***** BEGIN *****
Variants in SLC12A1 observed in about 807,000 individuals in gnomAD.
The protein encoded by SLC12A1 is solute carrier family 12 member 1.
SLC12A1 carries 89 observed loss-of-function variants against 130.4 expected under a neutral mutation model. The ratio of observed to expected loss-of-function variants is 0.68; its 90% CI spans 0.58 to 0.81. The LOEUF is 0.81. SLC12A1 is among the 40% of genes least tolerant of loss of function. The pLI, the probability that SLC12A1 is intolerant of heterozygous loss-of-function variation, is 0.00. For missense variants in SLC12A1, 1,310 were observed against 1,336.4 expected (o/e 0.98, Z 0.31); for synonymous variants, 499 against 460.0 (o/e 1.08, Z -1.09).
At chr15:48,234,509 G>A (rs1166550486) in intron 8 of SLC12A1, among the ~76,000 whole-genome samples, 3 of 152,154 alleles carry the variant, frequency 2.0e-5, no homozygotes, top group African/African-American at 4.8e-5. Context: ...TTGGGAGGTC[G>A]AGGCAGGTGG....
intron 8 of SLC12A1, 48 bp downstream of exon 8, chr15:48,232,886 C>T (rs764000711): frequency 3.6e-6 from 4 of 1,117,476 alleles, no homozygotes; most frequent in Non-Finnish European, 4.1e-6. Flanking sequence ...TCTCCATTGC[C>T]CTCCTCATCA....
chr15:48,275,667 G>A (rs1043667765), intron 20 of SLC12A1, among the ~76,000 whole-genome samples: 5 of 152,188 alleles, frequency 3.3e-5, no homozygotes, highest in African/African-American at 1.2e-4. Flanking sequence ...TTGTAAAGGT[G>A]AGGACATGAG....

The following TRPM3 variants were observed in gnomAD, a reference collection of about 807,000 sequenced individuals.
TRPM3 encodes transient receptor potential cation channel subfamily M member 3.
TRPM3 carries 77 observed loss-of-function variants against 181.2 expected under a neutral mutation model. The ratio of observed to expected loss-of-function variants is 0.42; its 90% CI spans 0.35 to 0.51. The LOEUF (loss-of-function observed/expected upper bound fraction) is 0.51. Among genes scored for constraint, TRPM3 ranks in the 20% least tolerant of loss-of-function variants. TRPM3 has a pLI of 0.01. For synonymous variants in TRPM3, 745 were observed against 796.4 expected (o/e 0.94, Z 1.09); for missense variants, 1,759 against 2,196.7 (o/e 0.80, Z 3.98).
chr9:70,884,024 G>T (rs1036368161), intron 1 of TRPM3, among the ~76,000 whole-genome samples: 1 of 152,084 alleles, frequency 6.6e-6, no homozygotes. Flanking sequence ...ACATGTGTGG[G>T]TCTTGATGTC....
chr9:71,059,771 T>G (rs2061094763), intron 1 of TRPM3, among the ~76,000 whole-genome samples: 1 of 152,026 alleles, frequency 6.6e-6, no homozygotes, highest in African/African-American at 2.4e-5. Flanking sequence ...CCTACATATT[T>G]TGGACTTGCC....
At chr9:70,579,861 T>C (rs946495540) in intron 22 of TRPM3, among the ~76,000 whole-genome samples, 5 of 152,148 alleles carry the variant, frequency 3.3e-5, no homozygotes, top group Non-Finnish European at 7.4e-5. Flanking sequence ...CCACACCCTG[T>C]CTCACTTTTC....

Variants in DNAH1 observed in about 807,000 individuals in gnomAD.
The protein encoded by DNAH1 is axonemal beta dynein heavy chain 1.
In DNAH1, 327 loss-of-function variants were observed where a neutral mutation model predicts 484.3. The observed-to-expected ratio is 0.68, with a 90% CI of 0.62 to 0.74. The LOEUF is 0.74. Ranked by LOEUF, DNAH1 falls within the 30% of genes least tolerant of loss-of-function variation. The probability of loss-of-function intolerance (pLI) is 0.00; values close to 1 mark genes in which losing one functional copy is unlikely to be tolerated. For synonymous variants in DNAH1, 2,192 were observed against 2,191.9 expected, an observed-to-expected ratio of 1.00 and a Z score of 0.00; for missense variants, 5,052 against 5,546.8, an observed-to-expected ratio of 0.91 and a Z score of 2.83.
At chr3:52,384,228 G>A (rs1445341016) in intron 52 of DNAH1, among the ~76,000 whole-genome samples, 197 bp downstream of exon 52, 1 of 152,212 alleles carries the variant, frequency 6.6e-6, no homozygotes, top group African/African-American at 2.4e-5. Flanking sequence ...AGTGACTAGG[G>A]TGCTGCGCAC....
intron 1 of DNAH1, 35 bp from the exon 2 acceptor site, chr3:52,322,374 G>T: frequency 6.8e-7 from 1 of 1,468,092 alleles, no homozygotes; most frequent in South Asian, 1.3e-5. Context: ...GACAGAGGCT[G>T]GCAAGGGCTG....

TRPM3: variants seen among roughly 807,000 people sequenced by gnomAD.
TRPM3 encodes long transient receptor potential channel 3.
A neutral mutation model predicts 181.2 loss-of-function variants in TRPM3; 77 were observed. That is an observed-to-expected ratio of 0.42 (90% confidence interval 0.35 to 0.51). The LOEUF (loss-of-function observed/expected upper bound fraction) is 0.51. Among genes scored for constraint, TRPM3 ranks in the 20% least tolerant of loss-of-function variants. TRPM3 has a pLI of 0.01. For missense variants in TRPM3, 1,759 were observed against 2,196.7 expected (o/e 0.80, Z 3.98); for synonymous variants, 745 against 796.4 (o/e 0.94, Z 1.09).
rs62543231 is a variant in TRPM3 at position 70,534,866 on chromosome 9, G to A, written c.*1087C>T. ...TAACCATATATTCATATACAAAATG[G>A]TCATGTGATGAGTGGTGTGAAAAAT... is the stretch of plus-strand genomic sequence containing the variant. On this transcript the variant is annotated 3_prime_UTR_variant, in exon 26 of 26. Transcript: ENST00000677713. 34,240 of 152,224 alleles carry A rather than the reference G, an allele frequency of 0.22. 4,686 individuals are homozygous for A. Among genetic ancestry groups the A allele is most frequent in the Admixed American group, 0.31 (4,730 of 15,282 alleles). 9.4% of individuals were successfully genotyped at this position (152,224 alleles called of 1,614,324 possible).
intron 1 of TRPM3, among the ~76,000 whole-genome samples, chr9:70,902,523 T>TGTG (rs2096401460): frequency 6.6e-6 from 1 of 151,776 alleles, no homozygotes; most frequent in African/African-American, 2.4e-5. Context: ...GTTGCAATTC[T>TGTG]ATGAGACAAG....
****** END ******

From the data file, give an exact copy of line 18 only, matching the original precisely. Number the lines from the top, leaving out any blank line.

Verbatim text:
TRPM3: variants seen among roughly 807,000 people sequenced by gnomAD.